Women's history and local community in postwar Japan

Research output: Book/ReportBook

Abstract

This timely look at a neglected corner of Japanese historiography spotlights the decade following the end of World War II, a time in which Japanese society was undergoing the transformation from imperial state to democratic nation. For certain working and middle-class women involved in education and labor activism, history-writing became a means to greater voice within the turbulent transition.

Women's History and Local Community in Postwar Japan examines the emergence of women's history-writing groups in Tokyo, Nagoya and Ehime, using interviews conducted with founding members and analysis of primary documents and publications by each group. it demonstrates how women appropriated history-writing as a radical praxis geared less toward revolution and more toward the articulation of local imaginations, spaces and memories after World War II. By appropriating history as a praxis that did not need revolution for its success, these women used connections established by Marxist historians between history-writing and subjectivity, but did so in ways that broke rank from nationally-referenced renditions of history and memory. Under conditions in which some women saw history as a field of articulation that remained dominated by men, they put into practice their own de-centered versions of history-writing that continue to influence the historical landscape in contemporary Japan.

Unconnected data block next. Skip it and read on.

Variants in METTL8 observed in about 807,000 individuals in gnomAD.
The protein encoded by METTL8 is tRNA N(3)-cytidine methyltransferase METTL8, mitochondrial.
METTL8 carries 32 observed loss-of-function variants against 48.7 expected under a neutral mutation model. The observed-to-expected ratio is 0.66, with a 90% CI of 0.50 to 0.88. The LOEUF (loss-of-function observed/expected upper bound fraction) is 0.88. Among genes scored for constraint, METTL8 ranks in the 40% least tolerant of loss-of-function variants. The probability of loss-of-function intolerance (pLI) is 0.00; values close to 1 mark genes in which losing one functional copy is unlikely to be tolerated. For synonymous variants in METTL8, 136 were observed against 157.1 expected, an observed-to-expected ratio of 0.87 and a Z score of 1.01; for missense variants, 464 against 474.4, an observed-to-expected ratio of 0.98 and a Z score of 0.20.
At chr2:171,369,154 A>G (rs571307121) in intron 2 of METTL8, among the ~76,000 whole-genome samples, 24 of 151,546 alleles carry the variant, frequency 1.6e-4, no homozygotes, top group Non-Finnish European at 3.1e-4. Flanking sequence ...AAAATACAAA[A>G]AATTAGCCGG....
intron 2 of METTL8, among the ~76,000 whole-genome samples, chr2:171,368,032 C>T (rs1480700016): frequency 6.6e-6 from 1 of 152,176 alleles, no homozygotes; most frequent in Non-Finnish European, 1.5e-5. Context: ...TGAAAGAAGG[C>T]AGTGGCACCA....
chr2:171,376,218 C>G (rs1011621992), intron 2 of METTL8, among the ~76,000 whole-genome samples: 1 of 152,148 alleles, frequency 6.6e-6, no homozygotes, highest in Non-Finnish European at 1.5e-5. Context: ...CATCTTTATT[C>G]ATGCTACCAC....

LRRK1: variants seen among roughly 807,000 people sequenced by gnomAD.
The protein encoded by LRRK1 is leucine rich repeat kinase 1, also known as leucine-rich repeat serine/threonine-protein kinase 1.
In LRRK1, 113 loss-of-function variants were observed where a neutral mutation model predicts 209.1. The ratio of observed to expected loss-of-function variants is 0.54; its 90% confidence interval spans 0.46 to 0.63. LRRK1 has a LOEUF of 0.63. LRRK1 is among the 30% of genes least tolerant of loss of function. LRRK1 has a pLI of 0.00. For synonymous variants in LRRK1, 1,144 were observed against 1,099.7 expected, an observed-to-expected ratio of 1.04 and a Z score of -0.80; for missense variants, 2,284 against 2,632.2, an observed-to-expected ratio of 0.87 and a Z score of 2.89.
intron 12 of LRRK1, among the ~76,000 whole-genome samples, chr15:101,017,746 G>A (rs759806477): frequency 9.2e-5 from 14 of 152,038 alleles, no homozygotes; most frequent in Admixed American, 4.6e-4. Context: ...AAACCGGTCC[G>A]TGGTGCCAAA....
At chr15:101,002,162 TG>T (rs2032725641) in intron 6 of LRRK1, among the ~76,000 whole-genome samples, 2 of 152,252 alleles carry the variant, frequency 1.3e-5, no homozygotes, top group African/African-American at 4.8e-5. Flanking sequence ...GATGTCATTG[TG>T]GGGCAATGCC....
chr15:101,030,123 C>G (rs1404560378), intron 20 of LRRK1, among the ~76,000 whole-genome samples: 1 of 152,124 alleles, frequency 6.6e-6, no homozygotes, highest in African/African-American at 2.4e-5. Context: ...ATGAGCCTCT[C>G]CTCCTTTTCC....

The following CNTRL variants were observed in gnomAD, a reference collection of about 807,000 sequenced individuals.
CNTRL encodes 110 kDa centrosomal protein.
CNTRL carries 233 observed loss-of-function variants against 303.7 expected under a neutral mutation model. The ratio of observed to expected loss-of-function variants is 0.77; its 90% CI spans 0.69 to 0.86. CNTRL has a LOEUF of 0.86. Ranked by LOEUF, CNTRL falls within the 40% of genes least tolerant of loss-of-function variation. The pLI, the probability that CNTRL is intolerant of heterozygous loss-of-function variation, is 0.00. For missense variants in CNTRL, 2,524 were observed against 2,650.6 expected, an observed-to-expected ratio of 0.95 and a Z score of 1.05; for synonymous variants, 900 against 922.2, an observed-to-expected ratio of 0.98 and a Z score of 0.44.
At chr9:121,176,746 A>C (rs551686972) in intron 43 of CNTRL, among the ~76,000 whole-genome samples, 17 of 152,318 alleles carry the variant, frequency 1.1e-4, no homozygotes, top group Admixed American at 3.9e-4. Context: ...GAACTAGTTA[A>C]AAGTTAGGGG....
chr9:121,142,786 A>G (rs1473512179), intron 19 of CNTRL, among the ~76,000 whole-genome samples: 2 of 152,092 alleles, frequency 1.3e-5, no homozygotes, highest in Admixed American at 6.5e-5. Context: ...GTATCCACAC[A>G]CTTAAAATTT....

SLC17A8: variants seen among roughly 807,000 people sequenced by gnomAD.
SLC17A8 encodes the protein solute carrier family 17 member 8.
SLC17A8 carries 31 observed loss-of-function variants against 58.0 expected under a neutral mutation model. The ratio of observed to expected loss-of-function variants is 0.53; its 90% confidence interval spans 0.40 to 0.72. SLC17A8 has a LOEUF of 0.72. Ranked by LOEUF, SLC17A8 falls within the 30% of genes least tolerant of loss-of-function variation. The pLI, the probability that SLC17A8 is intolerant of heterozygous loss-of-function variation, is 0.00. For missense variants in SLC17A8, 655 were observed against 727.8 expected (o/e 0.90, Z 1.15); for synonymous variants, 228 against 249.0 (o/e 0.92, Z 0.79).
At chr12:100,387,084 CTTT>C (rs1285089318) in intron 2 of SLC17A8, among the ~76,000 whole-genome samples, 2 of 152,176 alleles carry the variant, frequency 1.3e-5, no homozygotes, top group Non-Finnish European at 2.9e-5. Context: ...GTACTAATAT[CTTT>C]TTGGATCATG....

Original languageEnglish
PublisherTaylor and Francis
Number of pages182
ISBN (Electronic)9780203866603
DOIs
Publication statusPublished - 2013 Jan 1
Externally publishedYes

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ASJC Scopus subject areas

  • Arts and Humanities(all)

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